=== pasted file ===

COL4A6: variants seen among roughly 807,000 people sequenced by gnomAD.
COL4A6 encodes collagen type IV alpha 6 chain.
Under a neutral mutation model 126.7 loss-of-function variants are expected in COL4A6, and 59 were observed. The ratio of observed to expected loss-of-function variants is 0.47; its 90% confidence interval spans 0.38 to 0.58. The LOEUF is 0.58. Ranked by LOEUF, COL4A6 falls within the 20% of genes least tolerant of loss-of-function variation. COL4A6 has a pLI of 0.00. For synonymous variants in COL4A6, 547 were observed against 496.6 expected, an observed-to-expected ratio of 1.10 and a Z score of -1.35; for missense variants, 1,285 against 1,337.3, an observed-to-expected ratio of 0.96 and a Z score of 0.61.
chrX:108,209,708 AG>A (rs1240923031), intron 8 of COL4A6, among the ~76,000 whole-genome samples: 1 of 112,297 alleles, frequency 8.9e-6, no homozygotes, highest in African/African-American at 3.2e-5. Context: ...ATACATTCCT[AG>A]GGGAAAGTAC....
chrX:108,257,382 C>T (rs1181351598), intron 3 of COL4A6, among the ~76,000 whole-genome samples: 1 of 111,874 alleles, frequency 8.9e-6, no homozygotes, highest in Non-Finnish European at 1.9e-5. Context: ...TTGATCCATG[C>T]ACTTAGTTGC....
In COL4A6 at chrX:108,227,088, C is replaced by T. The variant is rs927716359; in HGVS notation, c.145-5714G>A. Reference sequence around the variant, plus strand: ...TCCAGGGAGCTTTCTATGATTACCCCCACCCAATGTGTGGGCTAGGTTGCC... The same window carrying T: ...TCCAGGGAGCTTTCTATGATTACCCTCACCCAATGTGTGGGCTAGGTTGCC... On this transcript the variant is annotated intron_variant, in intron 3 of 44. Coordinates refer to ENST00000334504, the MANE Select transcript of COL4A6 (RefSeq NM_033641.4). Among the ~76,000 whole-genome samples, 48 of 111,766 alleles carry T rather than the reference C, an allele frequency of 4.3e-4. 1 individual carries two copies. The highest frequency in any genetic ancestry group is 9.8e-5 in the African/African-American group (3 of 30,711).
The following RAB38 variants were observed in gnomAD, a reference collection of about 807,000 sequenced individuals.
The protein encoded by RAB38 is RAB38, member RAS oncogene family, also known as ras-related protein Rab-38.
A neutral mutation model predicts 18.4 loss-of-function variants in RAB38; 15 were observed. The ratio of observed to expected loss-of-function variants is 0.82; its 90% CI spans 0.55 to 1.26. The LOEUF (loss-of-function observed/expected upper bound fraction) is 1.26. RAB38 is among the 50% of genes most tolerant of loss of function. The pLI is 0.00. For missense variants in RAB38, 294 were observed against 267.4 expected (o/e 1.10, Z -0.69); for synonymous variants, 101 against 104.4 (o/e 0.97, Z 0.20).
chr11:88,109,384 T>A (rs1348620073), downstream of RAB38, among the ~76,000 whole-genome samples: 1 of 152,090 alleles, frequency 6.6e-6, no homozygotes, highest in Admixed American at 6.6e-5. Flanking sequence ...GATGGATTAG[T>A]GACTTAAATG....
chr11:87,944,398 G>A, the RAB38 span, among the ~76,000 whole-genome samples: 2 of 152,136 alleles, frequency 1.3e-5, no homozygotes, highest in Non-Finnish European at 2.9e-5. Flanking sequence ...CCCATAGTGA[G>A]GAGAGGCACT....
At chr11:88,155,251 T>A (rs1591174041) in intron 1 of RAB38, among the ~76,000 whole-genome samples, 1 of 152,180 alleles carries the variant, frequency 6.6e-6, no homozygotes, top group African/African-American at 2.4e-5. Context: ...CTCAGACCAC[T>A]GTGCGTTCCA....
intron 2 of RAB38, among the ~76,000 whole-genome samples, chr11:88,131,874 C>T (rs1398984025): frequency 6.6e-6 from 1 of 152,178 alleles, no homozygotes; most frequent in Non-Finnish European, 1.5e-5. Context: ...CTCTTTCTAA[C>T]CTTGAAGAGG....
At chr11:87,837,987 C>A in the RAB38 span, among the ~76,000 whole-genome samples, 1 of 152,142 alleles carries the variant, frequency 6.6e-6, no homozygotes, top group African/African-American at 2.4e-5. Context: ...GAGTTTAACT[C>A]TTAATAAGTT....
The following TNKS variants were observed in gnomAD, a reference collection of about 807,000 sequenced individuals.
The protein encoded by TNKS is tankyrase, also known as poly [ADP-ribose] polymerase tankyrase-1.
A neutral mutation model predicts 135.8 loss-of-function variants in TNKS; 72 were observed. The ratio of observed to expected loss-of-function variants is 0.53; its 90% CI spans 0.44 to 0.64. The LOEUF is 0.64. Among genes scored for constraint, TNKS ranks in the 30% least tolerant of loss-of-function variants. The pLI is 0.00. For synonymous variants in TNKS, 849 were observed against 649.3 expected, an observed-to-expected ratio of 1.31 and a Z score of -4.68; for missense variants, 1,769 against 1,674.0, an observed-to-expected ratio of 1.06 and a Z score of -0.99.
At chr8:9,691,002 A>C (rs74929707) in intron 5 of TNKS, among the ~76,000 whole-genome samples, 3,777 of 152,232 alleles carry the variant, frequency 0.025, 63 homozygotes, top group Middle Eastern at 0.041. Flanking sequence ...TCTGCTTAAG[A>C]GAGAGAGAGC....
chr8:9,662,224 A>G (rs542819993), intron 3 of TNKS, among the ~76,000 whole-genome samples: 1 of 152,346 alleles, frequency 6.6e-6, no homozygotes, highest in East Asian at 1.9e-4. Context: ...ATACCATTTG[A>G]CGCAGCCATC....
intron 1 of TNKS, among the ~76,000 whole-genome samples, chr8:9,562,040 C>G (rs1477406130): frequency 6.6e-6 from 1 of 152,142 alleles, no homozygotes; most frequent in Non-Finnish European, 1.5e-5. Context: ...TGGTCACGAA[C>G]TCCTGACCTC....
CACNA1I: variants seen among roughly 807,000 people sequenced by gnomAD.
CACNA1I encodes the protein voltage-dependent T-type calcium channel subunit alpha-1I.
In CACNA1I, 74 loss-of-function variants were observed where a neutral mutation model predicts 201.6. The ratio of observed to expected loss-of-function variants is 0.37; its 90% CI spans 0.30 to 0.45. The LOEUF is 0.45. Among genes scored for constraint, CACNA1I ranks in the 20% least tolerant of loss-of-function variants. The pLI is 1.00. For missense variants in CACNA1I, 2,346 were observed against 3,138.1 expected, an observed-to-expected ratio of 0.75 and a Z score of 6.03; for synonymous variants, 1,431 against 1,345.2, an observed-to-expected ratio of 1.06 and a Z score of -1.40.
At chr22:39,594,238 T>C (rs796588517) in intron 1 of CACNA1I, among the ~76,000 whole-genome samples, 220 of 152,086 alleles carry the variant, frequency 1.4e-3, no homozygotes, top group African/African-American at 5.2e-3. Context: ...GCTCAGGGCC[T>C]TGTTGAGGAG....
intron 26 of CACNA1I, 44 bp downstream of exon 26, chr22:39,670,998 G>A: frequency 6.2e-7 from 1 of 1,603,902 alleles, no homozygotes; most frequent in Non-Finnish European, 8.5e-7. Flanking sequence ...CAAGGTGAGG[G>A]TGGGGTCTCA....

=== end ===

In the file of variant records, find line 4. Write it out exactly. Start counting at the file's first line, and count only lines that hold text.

chrX:108,209,708 AG>A (rs1240923031), intron 8 of COL4A6, among the ~76,000 whole-genome samples: 1 of 112,297 alleles, frequency 8.9e-6, no homozygotes, highest in African/African-American at 3.2e-5. Context: ...ATACATTCCT[AG>A]GGGAAAGTAC....